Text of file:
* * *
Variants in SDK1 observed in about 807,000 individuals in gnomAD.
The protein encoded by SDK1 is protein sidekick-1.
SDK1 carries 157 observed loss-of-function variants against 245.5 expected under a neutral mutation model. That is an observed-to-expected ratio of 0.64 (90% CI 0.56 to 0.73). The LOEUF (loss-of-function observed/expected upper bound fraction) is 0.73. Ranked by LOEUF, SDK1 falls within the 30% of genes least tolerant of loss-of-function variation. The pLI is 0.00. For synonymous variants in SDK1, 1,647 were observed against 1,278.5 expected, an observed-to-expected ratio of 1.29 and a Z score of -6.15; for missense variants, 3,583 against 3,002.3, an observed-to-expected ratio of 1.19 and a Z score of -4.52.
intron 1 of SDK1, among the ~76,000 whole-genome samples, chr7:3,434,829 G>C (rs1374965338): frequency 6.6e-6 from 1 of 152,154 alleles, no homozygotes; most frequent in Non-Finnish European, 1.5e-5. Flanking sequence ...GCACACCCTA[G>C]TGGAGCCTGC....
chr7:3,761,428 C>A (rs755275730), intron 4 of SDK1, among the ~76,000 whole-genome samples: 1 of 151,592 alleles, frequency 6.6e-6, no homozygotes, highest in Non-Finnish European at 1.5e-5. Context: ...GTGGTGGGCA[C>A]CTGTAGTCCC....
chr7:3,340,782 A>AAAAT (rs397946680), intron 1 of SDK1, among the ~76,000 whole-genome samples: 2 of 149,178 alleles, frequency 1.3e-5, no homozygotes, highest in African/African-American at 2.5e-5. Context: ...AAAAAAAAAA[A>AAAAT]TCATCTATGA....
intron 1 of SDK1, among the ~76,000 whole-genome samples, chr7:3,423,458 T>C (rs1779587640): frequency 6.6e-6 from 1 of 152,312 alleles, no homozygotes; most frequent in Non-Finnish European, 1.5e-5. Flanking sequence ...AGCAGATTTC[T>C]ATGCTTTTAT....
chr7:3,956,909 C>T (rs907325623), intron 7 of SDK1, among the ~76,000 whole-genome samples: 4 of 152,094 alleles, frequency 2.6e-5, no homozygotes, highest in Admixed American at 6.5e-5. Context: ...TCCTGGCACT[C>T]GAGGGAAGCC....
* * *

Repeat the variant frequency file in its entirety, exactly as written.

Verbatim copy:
Variants in SDK1 observed in about 807,000 individuals in gnomAD.
The protein encoded by SDK1 is protein sidekick-1.
SDK1 carries 157 observed loss-of-function variants against 245.5 expected under a neutral mutation model. That is an observed-to-expected ratio of 0.64 (90% CI 0.56 to 0.73). The LOEUF (loss-of-function observed/expected upper bound fraction) is 0.73. Ranked by LOEUF, SDK1 falls within the 30% of genes least tolerant of loss-of-function variation. The pLI is 0.00. For synonymous variants in SDK1, 1,647 were observed against 1,278.5 expected, an observed-to-expected ratio of 1.29 and a Z score of -6.15; for missense variants, 3,583 against 3,002.3, an observed-to-expected ratio of 1.19 and a Z score of -4.52.
intron 1 of SDK1, among the ~76,000 whole-genome samples, chr7:3,434,829 G>C (rs1374965338): frequency 6.6e-6 from 1 of 152,154 alleles, no homozygotes; most frequent in Non-Finnish European, 1.5e-5. Flanking sequence ...GCACACCCTA[G>C]TGGAGCCTGC....
chr7:3,761,428 C>A (rs755275730), intron 4 of SDK1, among the ~76,000 whole-genome samples: 1 of 151,592 alleles, frequency 6.6e-6, no homozygotes, highest in Non-Finnish European at 1.5e-5. Context: ...GTGGTGGGCA[C>A]CTGTAGTCCC....
chr7:3,340,782 A>AAAAT (rs397946680), intron 1 of SDK1, among the ~76,000 whole-genome samples: 2 of 149,178 alleles, frequency 1.3e-5, no homozygotes, highest in African/African-American at 2.5e-5. Context: ...AAAAAAAAAA[A>AAAAT]TCATCTATGA....
intron 1 of SDK1, among the ~76,000 whole-genome samples, chr7:3,423,458 T>C (rs1779587640): frequency 6.6e-6 from 1 of 152,312 alleles, no homozygotes; most frequent in Non-Finnish European, 1.5e-5. Flanking sequence ...AGCAGATTTC[T>C]ATGCTTTTAT....
chr7:3,956,909 C>T (rs907325623), intron 7 of SDK1, among the ~76,000 whole-genome samples: 4 of 152,094 alleles, frequency 2.6e-5, no homozygotes, highest in Admixed American at 6.5e-5. Context: ...TCCTGGCACT[C>T]GAGGGAAGCC....